Beware The Ides Of March: Nissan In Deep Kuso

Bertel Schmitt
by Bertel Schmitt
beware the ides of march nissan in deep kuso

In 1999, a French-Brazilian-Lebanese businessman saved a large Japanese automaker from certain bankruptcy. Since then, Carlos Ghosn, cost cutter extraordinaire, wears the dual crowns of the presidency of Renault and Nissan. The Japanese crown is turning into a very heavy burden. According to Tokyo’s Nikkei (sub), Carlos Ghosn, “is facing an even more daunting challenge of securing profits amid the yen’s rise and the deep economic downturn. Ghosn acknowledges that the external environment facing Nissan is far more bleak than in 1999, when Nissan was trying to rise above damages that were largely self-inflicted.” Fixer Ghosn is softening the blow for the announcement that he can mend self-inflicted wounds. But he isn’t godlike – yet – to save Nissan from external damnation. Nissan appears to be in deep, deep kuso. Ghosn is fighting two armies of windmills:

A worldwide plunge in sales caused by the financial crisis, and the yen’s advance against other currencies. Ghosn has no other choices than to improve short-term earnings by mortgaging Nissan’s future: Plans for new factories are being scrapped; budgets for development projects are being cut. Two sacred cows are being turned into Kobe beef.

Sacred cow three: Nissan is set to move production of its March subcompact to a factory in Thailand. Japanese automakers moved production overseas when the yen was strong in the 1990s, but this mainly covered vehicles for export. Domestic production was maintained to keep jobs and technologies in Japan. Says the Nikkei: “But with domestic sales declining, it has become difficult for Nissan to develop vehicles exclusively for the domestic market. The decision to turn the March subcompact into a global vehicle and to produce it in Thailand marks an end to the automaker’s long-standing practice of making cars for the domestic market at home.”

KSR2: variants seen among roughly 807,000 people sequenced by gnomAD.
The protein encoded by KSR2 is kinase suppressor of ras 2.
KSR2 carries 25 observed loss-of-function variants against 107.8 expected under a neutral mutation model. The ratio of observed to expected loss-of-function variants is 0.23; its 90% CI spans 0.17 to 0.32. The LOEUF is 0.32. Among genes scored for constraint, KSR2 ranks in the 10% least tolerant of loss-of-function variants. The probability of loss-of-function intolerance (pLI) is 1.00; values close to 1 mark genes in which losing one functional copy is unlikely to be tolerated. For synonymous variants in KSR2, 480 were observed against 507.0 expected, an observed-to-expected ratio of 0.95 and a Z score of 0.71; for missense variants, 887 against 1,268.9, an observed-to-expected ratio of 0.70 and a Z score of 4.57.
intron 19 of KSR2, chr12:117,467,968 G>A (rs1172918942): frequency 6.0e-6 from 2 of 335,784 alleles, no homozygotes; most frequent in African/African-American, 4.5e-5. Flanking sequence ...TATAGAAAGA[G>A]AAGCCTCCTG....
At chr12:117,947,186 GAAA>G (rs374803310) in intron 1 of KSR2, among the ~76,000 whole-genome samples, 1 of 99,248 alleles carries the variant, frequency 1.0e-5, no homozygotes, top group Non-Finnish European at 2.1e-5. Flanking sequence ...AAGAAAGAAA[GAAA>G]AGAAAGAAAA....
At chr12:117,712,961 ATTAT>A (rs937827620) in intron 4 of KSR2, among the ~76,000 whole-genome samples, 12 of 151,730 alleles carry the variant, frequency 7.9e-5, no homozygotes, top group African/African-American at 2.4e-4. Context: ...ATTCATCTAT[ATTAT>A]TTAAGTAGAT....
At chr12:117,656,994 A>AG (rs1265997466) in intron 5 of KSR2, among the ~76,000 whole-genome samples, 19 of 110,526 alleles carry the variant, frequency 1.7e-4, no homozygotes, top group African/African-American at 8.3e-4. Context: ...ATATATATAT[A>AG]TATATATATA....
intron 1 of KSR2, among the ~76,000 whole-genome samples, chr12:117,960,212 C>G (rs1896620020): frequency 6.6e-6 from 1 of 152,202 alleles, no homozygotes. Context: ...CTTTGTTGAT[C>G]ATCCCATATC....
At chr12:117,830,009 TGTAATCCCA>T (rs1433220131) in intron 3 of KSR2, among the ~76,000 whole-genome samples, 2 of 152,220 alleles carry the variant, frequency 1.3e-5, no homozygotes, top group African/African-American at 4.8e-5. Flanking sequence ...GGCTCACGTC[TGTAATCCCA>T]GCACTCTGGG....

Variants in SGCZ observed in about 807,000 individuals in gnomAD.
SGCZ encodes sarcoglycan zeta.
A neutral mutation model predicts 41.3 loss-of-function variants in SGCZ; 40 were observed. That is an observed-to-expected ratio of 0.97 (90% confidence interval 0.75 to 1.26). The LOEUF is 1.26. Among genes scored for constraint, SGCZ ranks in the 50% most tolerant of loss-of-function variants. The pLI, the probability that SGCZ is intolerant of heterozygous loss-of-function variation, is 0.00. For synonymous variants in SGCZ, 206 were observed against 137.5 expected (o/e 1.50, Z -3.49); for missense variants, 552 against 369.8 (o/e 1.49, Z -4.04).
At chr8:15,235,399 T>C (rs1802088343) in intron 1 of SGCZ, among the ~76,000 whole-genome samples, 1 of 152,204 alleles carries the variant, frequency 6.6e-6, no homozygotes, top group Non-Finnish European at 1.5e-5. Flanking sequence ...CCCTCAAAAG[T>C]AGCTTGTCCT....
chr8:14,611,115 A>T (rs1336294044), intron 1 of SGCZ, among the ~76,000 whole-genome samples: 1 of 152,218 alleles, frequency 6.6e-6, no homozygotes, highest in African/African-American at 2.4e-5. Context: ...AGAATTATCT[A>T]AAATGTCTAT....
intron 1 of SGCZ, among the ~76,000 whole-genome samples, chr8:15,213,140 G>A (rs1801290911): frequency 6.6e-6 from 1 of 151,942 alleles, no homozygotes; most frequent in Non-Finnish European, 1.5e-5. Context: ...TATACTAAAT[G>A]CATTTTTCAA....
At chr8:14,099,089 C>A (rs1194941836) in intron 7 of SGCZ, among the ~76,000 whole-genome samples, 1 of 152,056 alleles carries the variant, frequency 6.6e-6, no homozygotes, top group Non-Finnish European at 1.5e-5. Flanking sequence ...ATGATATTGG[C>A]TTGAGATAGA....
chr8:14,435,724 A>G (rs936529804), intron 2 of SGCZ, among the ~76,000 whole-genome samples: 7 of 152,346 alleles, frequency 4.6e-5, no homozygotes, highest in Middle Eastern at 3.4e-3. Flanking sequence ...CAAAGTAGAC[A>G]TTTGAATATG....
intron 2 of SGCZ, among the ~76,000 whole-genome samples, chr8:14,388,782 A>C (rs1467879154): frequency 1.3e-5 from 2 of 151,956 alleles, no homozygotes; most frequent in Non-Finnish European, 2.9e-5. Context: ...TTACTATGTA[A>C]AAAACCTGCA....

When the March is due for a full remodeling in 2010, Nissan will stop production in Japan and import all units for the domestic market from Thailand.

According to the Nikkei, “the redesigned March, to be sold in Japan and emerging markets in Asia, will use a chassis developed with French partner Renault SA. Production costs for the car will be cut by about 30 percent by procuring more parts locally — about 90% — in addition to using a common chassis.”

A whole slaughterhouse of sacred cows is likely to follow. It’s either that, or certain bankruptcy again.

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  • FromBrazil FromBrazil on Jan 18, 2009

    Maybe Michael Karesh could report on the CVT thing, since he is in a good postion to do so. Similar to what I said on the European euthanizing thread, you really think the Jap gov is going to let anybody go down? Seriously? On C. Ghosn, his time's up. You cant cost cut your way to prosperity eternally. He did a fine job the first moment, but he's long outlived his welcome or use. His "magical" wielding of the cost-cutting scissors by now is causing Nissan more damage than good. Good riddance Mr Ghosn! Go enjoy your multi-million retirement somewhere. Please.

  • Volvo Volvo on Jan 18, 2009

    With CVTs reliability isn't the issue for me. Repairability is the issue. At the current time my understanding is that Nissan CVTs either cannot be repaired in the field or Nissan will not repair them in the field. That means you get a reman or new transmission when yours fails. I believe the current price for R/R when out of warranty is in the range of $5,000 - $6,000. The last time I had a standard auto transmission rebuilt (2006)the cost for parts and labor was $1600.

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